This debate between politicians, intellectuals, journalists and authorities of all kinds which agitates public opinion, opposes philosophical/moral positions as well as partisan interests, and is most often limited to the enunciation of apparently indisputable objectives, the pursuit of which justifies any means used to achieve them.

Thus, as such reasoning goes, the unanimously shared objective of ‘restoring peace’ deserves to be imposed at any cost insofar as it aims at ending the loss of both civilian and military lives, the senseless destruction of property and an unacceptable level of abuses and war crimes.

Achieving this objective makes it possible to advocate compromises which, for some, are simply a matter of pragmatism whatever the sacrifices they impose on the parties, while for others, there are red lines whose transgression is, in any case, a matter for the protagonists alone to decide. Third parties to the conflict are obviously free to support – or not – one or the other solution according to their interests, be they political, economic or moral.

However, if the question posed does not seem to be open to discussion, it is rather the question itself that is badly stated – the term ‘provocation’ having itself a connotation that is condemnable in absolute terms. Indeed, one may ask how the “provocation” carried out in this particular case by the aggressor can be ignored while the restoration of the rights of the aggressed (as recognized by international law) would constitute apparently an impediment to the restoration of peace. In such circumstances recommending that only one party abstains from provocation is tantamount to advocating an unacceptable capitulation.

In reality, one suspects that those who recommend avoiding any provocation of Putin, are seeking first and foremost to limit any extension of the conflict which would imply risks for their own vital interests. It is this policy of appeasement, reminiscent – under very different circumstances – of that of the 1930s that must be fought against at all costs to prevent that the price of restoring a peaceful and democratic future to the European continent becomes exorbitant.

Resisting firmly now is all the more the obvious choice as events on the military front in Ukraine considerably relativize the scope of the threat of an extension of the conflict (apart from a nuclear threat, which should be ignored); on the contrary, the planned extension of NATO to include Finland and Sweden not only reinforces the number of the Alliance’s partners but above all strengthens its defensive capability.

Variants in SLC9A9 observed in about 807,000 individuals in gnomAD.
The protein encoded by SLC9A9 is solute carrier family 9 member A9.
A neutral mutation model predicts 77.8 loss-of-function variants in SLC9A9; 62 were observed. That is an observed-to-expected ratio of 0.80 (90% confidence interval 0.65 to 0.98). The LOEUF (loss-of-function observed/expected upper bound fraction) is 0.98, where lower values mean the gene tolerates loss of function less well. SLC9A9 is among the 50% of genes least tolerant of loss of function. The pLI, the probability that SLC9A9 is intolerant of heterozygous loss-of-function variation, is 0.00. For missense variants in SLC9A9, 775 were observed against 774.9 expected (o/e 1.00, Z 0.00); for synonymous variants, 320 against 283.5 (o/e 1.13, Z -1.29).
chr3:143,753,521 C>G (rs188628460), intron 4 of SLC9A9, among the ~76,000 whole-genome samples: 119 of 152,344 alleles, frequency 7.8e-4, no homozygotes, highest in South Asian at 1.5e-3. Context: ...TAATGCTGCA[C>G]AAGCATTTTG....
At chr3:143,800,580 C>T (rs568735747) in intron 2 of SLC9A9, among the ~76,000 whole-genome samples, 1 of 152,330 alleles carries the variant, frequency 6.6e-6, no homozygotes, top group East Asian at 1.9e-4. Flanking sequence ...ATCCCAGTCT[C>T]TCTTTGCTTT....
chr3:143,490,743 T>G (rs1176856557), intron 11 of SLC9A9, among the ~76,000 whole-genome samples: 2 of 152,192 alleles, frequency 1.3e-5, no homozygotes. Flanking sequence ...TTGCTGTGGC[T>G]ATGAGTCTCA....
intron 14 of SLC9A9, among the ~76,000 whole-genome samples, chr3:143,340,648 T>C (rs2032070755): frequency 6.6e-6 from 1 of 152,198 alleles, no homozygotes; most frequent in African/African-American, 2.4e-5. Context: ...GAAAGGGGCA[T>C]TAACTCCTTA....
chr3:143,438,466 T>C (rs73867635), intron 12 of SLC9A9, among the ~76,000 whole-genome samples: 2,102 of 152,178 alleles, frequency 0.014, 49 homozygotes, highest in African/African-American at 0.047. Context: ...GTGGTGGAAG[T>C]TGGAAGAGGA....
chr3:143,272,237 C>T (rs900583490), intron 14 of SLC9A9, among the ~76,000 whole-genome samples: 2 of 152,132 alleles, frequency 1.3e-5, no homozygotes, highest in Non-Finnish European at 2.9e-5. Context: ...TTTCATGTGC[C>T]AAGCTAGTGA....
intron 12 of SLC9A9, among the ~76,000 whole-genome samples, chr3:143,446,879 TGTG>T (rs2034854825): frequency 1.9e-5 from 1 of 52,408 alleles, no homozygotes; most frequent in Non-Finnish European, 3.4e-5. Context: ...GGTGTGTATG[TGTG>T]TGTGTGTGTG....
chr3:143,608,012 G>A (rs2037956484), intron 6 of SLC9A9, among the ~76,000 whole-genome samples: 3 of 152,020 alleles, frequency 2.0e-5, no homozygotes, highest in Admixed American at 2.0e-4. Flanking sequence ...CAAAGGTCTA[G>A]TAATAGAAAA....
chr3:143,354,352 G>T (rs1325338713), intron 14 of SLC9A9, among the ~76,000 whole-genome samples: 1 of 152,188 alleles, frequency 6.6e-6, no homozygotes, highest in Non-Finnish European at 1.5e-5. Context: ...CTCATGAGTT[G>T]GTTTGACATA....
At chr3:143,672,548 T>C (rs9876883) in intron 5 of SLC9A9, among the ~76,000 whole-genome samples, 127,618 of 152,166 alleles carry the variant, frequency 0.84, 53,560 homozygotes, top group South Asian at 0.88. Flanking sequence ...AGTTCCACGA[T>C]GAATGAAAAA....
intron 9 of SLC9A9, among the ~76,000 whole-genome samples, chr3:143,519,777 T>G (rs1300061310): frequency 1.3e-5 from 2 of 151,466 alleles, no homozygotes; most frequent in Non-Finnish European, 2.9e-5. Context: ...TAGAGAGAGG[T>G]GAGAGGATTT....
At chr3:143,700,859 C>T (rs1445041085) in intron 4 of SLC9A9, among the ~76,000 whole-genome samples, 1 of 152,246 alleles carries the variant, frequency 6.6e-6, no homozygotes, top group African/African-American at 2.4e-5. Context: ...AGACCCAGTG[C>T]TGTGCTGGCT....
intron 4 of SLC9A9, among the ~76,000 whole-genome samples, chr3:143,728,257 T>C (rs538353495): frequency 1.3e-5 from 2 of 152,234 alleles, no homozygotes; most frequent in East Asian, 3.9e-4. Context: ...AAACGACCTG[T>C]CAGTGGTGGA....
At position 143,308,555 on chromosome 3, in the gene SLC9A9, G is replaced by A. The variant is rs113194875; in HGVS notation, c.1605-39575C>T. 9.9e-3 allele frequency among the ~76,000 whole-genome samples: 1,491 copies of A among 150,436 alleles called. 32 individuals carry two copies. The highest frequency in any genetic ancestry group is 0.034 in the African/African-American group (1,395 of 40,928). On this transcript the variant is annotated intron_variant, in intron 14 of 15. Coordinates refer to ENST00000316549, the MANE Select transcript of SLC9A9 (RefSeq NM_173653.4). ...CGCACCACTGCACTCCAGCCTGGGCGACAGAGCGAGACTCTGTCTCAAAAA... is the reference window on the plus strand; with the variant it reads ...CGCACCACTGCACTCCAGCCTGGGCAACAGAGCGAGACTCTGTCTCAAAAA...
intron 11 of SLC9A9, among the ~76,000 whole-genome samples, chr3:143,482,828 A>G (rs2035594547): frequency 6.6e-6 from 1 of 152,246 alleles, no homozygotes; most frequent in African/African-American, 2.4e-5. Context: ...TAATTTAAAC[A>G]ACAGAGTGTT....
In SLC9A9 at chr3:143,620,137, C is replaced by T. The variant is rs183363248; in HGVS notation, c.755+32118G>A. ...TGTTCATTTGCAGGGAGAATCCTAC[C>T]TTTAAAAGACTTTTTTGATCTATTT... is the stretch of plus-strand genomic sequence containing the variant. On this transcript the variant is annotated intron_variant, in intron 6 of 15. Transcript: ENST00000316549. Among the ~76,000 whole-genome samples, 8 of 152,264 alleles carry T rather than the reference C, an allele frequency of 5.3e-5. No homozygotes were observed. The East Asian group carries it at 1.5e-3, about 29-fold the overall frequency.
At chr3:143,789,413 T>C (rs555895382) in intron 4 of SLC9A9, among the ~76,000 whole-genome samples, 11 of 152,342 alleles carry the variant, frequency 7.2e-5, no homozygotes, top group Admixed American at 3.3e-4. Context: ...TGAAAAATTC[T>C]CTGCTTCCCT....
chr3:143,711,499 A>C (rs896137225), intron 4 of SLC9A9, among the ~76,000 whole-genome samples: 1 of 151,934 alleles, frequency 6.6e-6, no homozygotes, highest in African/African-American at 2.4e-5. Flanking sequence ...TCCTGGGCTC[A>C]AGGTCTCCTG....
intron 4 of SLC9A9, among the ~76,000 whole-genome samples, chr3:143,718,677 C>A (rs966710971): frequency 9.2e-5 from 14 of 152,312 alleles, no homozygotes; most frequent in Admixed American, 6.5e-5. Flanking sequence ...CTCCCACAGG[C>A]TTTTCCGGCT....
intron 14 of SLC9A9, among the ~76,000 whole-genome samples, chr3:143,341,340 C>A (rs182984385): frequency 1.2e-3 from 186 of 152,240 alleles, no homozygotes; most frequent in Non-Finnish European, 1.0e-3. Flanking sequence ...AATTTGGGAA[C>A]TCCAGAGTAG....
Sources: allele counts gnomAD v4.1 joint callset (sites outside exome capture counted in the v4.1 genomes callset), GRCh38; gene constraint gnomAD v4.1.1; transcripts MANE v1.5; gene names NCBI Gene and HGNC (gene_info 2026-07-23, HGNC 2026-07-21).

Avoiding to “provoke” Putin is an easy excuse not to implement a series of badly needed difficult reforms that cowardly compromises imposed on the Ukrainians would only delay to the detriment of our own interests and safety. These include the rearmament of the military forces of NATO members, the completion of the Economic and Monetary Union in order to definitively establish the durability of the Single Currency and the acceleration of European integration through an in-depth reform of the treaties, in order to end the institutional blockages (unanimity) resulting from past and future enlargements.

The concomitance of the war in Ukraine with other actual or potential crises (climatic, health, agricultural, migratory, inflationary, financial, terrorist, and budgetary, etc.) offers numerous opportunities to Putin to hope for the collapse of the unity of the West that he has, unwittingly, temporarily strengthened. Disintegration of the EU is certainly his primary goal; it can only be achieved from the inside. Member States are alone responsible to oppose it: only a deep solidarity within a Union that assumes full responsibility for its own future can offer hope – in a balanced partnership with the United States – of contributing, together with the whole of the Western (and assimilated) world, to the defense of the interests and values of its citizens. Failing to achieve these goals, Europe will ultimately be overwhelmed by a world in which the majority of the population does not share in its development, in its wealth and above all in its freedom. 

From the above it becomes clear that avoiding any provocation of Putin cannot help engineering a solution to the Ukrainian problem but will only postpone the timeline for an increasingly costly confrontation. The late Chief Rabbi of the United Kingdom, Lord Jonathan Sacks, perfectly identified the parameters of the dilemma posed, in his August 2000 address to the World Summit of Religious and Spiritual Leaders at the UN. He referred to a rabbinic answer, dating back 20 centuries, to the question “Who is strong? Who is a hero?” Instead of the obvious answer: “He who defeats his enemies” the rabbis proposed: “He who turns an enemy into a friend!” This is clearly difficult to put into practice but oh so much more effective for all concerned. An in-depth reflection on this text and its implications would avoid a polemic that goes far beyond the superficial recipes and judgements that abound.

In conclusion, there is no doubt that “provocation” should always be avoided, but in the context of a specific dispute, this principle must be applied to both parties to have any meaning. The path proposed by Rabbi Sacks seems to offer an alternative that Russia and Ukraine (and other actors) should follow. Only then can the hope of peace be reborn between these two nations, which share a turbulent and intertwined history over the centuries, and allow, despite the deep wounds inflicted, the development of their respective Nation States according to freely assumed choices.

Brussels, 23 May 2022